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eBook A Beautiful Place to Die ePub

by Malla Nunn

eBook A Beautiful Place to Die ePub
Author: Malla Nunn
Language: English
ISBN: 1436195624
ISBN13: 978-1436195621
Publisher: Recorded Books (2009)
Category: Mystery
Subcategory: Thriller
Rating: 4.3
Votes: 395
Formats: mobi lrf txt doc
ePub file: 1459 kb
Fb2 file: 1732 kb

A BEAUTIFUL PLACE TO DIE A Division of Simon & Schuster, Inc. 1230 Avenue of the Americas New York, NY. .All rights reserved, including the right to reproduce this book or portions thereof in any form whatsoever.

A BEAUTIFUL PLACE TO DIE A Division of Simon & Schuster, Inc. 1230 Avenue of the Americas New York, NY 10020 This book is a work of fiction. Names, characters, places, and incidents. For information address Atria Books Subsidiary Rights Department, 1230 Avenue of the Americas, New York, NY 10020. A beautiful place to die: a novel, by Malla Nunn. p. cm. 1. Police-South Africa-Fiction.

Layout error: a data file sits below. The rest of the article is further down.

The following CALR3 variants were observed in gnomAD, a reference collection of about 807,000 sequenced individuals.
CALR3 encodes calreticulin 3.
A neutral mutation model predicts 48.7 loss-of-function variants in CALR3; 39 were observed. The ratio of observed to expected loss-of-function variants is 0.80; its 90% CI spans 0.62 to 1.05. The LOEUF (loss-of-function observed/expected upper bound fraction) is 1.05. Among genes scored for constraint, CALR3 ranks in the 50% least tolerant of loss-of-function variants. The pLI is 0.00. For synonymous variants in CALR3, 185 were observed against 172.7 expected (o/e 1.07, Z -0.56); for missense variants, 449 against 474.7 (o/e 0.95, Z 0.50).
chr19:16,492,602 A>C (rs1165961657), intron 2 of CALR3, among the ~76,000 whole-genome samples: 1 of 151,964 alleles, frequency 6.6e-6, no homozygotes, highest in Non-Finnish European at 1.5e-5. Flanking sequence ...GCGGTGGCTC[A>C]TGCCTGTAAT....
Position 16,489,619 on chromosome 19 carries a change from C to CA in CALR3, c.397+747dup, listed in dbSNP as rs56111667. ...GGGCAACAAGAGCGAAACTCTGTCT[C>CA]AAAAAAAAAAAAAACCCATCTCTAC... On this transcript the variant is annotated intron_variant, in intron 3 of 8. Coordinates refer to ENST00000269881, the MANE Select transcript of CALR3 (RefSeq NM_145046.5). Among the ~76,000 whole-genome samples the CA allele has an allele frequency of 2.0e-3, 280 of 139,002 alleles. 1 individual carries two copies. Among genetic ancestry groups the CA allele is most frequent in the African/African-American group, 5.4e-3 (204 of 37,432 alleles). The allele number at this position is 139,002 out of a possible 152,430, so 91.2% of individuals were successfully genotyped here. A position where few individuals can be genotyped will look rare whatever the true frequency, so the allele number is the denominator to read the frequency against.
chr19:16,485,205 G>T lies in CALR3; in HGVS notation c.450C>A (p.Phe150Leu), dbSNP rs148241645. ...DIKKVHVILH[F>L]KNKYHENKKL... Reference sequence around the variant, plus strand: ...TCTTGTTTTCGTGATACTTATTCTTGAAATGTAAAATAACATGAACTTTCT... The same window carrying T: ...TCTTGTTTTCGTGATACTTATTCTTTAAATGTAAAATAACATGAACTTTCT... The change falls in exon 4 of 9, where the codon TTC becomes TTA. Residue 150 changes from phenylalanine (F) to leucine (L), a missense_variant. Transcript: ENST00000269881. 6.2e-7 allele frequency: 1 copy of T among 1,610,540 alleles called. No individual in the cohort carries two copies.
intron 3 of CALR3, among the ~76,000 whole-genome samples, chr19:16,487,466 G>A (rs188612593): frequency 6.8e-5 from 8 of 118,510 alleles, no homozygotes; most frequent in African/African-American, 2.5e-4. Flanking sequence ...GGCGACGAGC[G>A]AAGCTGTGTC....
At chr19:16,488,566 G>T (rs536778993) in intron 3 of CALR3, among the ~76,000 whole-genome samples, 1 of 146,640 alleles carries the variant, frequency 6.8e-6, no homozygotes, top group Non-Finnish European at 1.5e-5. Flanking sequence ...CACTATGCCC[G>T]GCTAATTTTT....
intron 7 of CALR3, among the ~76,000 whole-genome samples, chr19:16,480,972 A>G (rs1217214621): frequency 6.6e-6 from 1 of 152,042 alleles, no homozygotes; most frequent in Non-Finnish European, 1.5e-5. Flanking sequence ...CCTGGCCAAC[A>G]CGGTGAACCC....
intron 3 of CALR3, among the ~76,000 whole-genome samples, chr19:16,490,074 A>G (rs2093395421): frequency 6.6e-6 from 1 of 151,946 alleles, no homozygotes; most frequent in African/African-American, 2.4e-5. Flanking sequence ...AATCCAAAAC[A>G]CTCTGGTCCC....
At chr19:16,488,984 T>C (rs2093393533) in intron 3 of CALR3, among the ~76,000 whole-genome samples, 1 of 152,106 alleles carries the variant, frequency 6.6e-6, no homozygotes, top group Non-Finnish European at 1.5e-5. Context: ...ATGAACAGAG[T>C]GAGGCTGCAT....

Malla Nunn is a screenwriter and author, who was born in Swaziland. Her works include the murder mystery, A Beautiful Place to Die, and Let the Dead Lie. Nunn was born in Swaziland and moved to Perth with her parents in the 1970s. She attended the University of Western Australia graduating with a . with a double major in English and History She completed a . in Theatre Studies at Villanova University in Philadelphia

A Beautiful Place to Die book.

A Beautiful Place to Die book. Award-winning screenwriter Malla Nunn delivers a stunning and darkly romantic crime novel set in 1950s apartheid South Africa, featuring Detective Emmanuel Cooper - a man caught up in a time and place where racial tensions and the raw hunger for power make life very dangerous indeed. In a morally complex tale rich with authenticity, Nunn takes readers to Jacob's.